Breaking the Trend-Difficult Conversations

1st February 2018

'Difficult conversations' within the church environment centre around those delicate issues that no-one really wants to address. The elephant in the room looms large and loud, throws it weight around, because it is an elephant and often we stand around, sing ever the louder, or stare in disbelief or we bury our heads in the sand. And when asked how can we deal with the large beast in the room we turn and answer, 'What elephant?'

However, on Sabbath 27 January, the Diversity and Women's Ministries departments of the South England Conference (SEC), led the way in organising a full day's programme at the Rock Towel in North London, centred around the building connections and creating belonging. The brainchild for this event was spawned out of a residential departmental directors' meeting in the Autumn of 2017, where, "the directors decided it was time to do something different and to address the elephant in the room." These words uttered by SEC President Dr Emmanuel Osei IMG_3762_previewintroduced the programme and opened the day's proceedings.

And the day was different in several ways. Church members are generally accustomed to the morning Bible study hour to involve a solitary individual teaching or facilitating from the podium. However, this was replaced by, 'Welcome Visitors' ‒ a dramatic presentation, performed by members of the Agape Theatre Group. The sentiments in the play were mirrored in the matinee performance of the production, with the difference being the audience participation led by Mark Grey. Issues surrounding domestic violence, multiculturalism, sexuality and family issues were addressed.

These issues IMG_3944_previewwere also featured in the early afternoon's four workshops. Domestic Abuse and the Church was led by Maslin Holness and Lorraine Anderson, Multicultural Church: Can it work? was facilitated by Sophia Nicholls, Pastor Adrian Peck and Dr Valerie Bernard-Allan. Dr Augustus Lawrence spoke on Family Issues during this workshop and Pastor Gregg Wilson addressed the issue of The Feminine Church to a male-dominated audience.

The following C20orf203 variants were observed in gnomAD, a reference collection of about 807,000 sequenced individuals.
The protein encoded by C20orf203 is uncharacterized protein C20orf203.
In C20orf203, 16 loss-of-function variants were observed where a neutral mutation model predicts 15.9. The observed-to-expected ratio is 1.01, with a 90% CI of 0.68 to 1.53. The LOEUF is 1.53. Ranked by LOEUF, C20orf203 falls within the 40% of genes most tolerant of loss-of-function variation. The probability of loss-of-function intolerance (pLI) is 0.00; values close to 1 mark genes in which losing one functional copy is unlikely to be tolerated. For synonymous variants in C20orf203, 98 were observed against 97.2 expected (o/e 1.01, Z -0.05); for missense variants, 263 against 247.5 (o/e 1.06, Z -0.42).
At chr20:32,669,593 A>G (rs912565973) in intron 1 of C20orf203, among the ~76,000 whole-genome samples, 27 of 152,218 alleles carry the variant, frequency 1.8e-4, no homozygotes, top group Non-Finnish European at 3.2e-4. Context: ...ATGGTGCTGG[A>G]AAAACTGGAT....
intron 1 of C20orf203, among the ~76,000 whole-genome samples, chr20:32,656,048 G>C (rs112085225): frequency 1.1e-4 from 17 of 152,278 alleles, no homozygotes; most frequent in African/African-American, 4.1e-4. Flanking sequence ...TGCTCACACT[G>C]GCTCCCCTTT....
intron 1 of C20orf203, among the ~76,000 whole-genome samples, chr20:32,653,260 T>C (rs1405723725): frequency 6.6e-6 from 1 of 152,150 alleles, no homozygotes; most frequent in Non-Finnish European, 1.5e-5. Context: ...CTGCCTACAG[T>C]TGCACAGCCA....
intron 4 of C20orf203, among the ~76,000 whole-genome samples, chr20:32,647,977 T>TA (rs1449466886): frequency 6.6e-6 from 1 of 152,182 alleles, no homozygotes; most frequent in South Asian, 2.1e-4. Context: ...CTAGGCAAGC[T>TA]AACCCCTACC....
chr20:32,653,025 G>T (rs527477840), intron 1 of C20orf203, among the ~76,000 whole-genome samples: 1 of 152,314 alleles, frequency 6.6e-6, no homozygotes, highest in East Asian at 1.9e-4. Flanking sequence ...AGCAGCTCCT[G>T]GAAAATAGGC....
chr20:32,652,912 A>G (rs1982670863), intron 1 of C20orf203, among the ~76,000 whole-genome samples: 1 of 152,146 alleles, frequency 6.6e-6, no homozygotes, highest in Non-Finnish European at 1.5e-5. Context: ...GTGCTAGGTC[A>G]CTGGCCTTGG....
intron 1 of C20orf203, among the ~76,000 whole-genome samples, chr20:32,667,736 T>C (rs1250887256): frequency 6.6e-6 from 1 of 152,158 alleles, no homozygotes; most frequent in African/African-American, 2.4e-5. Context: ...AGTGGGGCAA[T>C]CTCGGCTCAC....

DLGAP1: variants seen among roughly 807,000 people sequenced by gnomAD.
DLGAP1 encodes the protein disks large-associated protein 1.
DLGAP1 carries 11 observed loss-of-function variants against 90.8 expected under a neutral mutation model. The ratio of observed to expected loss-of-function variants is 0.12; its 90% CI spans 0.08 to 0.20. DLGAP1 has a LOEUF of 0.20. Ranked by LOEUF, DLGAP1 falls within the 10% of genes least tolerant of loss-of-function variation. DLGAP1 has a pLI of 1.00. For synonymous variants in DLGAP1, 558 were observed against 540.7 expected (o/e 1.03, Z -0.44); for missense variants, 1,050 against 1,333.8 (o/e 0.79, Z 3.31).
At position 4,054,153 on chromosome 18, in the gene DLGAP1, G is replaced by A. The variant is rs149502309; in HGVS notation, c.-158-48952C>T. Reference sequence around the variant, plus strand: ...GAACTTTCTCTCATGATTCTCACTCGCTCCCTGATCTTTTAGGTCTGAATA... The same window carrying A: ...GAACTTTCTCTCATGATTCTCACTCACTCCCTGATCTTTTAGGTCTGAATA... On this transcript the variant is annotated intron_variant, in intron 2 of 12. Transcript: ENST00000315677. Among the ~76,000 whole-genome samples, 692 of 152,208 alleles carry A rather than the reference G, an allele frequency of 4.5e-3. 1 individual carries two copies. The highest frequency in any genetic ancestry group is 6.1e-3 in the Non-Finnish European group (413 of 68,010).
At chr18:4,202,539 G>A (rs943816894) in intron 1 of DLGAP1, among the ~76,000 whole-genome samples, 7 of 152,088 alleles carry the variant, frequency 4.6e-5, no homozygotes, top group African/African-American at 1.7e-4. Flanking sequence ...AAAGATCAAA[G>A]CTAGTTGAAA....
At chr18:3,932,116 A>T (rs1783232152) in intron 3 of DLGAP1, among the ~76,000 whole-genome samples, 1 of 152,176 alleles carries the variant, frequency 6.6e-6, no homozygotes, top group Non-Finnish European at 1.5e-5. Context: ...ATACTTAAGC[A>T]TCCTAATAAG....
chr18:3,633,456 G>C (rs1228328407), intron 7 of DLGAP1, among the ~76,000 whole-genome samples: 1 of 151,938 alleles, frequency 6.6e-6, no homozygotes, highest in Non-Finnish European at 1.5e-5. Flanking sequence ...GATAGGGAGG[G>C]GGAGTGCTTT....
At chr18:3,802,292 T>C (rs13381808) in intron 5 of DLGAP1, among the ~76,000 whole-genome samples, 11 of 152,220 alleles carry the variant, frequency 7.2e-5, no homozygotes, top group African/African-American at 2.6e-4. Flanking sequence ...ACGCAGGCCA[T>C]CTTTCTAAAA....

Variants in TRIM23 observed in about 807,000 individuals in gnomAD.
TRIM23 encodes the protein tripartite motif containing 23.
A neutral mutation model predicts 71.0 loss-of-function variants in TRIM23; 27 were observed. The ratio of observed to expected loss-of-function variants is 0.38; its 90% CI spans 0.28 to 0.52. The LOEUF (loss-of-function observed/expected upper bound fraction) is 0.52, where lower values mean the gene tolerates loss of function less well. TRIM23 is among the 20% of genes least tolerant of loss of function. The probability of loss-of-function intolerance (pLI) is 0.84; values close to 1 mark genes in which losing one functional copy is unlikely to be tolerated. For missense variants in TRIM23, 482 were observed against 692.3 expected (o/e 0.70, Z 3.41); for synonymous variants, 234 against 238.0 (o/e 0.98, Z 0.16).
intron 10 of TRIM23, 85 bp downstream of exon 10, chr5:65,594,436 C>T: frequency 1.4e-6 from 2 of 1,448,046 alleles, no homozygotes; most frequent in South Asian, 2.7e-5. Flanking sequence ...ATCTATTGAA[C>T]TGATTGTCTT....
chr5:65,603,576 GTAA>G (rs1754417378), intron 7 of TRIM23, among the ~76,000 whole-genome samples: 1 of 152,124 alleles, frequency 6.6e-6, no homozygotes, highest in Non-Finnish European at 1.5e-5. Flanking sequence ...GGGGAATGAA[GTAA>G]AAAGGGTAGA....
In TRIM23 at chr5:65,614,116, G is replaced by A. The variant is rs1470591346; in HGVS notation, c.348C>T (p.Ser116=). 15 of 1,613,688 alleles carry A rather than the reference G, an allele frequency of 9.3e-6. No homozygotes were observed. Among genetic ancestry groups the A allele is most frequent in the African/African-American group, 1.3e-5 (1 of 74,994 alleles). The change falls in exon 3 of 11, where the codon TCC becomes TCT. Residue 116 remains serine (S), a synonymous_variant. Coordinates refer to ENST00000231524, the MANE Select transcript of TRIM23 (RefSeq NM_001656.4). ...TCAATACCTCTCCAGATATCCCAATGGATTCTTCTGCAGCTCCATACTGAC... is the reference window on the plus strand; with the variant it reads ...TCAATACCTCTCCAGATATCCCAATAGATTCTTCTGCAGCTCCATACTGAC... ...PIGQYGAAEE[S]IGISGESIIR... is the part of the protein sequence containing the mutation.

In the Family Service time, Pastor Anthony Fuller, based his open and frank sermon about Luke 5:27-31, and explored the narrative of Levi Matthew the tax collector, who Jesus called as one of his disciples. Drawing on his own experience as a young person, he identified with the central character in the story and stated that, "I'm so sick of playing church." He urged his listeners to start being real and tell the truth about the challenges that we face because 'too many of us are liars' seeking to be who we are not. He rounded off, by encouraging the attendees to 'break the trend' or pretending to be loving and kind and caring and start 'being real' IMG_3873_previewbecause if "Jesus can call Levi Matthew, a despised tax collector and if He can call me, Anthony Fuller, He can call anyone."

Inclusion was evident throughout the programme with the number of 'signers' that were present on the day to 'translate' the service to the group of auditory impaired attendees. Music was also diverse. Praise and Worship was led by Marsha Brooks and featured mainly contemporary gospel music. Cecelia Wickham Anderson led both Harrow and Chelmsford Community Choirs ‒ musical groups that she conducts on a regular basis in their own communities. Resurrection ‒ past and present female members of the London Adventist Chorale provided a flavour of well-constructed harmonies and the Bebe Family from Romania, provided the exuberant tones reminiscent of the three tenors. Additional music from a younger age group was provided by Edmonton Central Children's Choir, Kerri-Ann & Co and Yemi.

Speaking about this event, Dr Osei stated, "I would like to thank the two departments who organised this event and also value the contributions made by IMG_3651_previewPrayer and Children's Ministries, Cornerstone Counselling Service, ASNA, Margaret Dawn Designs, Men's and Family Ministries. I would also like to thank all those who were involved in the planning of the event, especially Thomas Mwadime, who hosted the day." He continued, "Further diversity events will be held around the Conference over the next few months and I would encourage all our members to look out for these events and do their best to attend."

[Catherine Anthony Boldeau]


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